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A Toxics-Free Future

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Financing the Sound Management of Chemicals Executive Summary

This Executive Summary to Financing the Sound Management of Chemicals Beyond 2020 provides the essential background and facts for the proposed internationally coordinated chemical tax or fee on basic chemicals.

Key Findings

  • The chemical industry generates trillions of dollars in annual sales but does not shoulder the significant health and environmental costs that derive from its activities.
  • Substantial management capabilities and infrastructure are required for governments to effectively protect their residents from potential health and environmental harms during chemicals production, use and disposal.
  • A coordinated small fee of 0.5% on the production value of basic chemicals has the potential to generate sufficient financing for the global sound management of chemicals and waste.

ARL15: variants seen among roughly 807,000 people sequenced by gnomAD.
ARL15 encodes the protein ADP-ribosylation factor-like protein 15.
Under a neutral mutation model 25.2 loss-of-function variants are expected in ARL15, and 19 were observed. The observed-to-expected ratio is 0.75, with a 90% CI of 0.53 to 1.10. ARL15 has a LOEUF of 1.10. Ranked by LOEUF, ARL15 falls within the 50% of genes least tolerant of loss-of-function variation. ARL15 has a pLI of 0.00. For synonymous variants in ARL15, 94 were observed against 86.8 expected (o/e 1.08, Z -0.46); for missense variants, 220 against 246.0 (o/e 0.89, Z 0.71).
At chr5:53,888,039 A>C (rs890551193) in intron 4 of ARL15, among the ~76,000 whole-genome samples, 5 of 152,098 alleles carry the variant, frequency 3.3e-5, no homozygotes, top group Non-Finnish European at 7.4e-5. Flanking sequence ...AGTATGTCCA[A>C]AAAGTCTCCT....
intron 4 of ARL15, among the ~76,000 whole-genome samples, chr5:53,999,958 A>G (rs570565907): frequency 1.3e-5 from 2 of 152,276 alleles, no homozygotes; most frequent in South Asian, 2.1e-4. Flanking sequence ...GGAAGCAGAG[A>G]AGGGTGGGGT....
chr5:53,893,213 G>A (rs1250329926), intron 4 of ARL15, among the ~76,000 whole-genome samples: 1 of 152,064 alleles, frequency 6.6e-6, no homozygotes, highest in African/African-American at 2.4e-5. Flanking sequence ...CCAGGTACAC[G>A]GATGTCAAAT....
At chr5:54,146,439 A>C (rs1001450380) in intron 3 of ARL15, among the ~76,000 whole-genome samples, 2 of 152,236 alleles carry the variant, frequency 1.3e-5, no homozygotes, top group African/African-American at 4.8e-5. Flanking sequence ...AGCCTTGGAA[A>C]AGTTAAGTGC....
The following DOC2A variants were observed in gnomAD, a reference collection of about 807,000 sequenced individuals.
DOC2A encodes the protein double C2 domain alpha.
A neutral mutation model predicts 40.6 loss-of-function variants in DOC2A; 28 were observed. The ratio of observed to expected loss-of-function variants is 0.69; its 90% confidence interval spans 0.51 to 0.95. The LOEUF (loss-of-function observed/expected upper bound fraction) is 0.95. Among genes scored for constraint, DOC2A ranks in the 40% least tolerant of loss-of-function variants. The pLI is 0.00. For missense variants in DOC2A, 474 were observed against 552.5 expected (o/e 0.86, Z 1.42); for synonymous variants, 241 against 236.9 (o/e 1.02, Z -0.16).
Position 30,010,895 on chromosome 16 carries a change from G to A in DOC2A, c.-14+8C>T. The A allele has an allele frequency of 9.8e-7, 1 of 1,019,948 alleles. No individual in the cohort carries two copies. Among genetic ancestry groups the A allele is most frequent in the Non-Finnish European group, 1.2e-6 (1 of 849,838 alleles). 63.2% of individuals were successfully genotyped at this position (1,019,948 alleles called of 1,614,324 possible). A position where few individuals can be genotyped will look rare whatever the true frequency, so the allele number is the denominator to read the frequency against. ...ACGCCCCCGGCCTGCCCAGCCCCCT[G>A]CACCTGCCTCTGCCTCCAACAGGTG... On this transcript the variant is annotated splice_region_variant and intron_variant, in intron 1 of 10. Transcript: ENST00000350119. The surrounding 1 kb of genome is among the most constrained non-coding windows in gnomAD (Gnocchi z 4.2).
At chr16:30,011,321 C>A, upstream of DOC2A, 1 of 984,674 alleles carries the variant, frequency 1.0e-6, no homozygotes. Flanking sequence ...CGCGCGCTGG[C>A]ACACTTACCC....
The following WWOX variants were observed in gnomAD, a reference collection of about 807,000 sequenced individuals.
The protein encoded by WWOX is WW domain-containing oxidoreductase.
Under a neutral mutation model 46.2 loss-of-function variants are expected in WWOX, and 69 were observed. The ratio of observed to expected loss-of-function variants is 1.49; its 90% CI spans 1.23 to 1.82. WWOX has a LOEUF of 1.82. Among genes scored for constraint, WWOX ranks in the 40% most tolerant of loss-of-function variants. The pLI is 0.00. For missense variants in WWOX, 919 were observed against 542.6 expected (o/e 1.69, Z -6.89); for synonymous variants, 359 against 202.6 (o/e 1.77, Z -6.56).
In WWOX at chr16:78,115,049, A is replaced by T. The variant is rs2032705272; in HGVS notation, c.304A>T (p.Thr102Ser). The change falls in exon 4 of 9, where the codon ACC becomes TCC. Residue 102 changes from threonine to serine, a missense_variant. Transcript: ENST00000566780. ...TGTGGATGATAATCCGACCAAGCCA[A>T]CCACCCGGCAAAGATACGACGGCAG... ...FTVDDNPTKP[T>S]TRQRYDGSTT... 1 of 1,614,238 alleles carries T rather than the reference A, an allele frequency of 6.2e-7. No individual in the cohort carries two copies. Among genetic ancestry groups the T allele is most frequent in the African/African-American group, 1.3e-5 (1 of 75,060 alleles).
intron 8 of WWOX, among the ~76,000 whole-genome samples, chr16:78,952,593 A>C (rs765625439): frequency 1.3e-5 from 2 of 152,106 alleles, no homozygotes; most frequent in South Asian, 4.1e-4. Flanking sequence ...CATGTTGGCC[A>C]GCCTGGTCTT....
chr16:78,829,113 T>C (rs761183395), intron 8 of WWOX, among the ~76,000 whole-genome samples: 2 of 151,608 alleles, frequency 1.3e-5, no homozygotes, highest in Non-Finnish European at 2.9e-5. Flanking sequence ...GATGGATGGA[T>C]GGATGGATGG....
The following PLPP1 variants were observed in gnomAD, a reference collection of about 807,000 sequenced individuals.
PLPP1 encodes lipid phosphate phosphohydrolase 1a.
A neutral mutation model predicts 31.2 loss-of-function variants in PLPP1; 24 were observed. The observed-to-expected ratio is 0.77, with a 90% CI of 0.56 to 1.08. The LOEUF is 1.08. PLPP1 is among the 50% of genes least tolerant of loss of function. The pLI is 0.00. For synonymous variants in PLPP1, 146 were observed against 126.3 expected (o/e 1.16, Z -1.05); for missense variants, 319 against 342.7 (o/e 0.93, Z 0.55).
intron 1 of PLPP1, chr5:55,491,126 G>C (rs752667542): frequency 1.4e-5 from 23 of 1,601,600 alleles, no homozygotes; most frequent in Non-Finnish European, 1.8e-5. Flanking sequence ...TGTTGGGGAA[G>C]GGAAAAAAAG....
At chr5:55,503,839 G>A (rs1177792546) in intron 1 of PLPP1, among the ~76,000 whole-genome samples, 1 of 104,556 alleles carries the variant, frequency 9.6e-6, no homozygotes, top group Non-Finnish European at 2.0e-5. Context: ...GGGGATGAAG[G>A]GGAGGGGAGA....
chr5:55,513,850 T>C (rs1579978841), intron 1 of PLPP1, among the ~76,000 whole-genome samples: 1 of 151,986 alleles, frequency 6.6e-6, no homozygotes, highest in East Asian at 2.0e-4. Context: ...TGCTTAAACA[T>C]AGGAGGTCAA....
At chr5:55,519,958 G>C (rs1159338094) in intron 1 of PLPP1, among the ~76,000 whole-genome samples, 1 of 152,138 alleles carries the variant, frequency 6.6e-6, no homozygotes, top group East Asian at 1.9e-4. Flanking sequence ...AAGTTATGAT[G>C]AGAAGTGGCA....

The world is struggling to address current levels of toxic chemical use, exposure, and harms. As the petrochemical industry grows dramatically over the coming decade, so too will the burdens of chemical management, releases, and accidents. In countries around the world, these burdens fall disproportionately on the most vulnerable and marginalized populations and are felt most severely in low- and middle-income countries that have the fewest protections and least resources to manage threats from chemicals.

“The vast majority of human health costs linked to chemicals production, consumption and disposal are not borne by chemicals producers, or shared down the value-chain. Uncompensated harms to human health and the environment are market failures that need correction.” (UNEP)

Financing the Sound Management of Chemicals Beyond 2020 sets forth a policy mechanism grounded in sound law and sound economics that can address the dire financial obstacles to sound chemicals management. The proposed coordinated fee on basic chemicals is a mechanism to implement the polluter pays principle. The proposal comes at a time when the global community is negotiating how to tackle global chemicals management, including how to pay for it.

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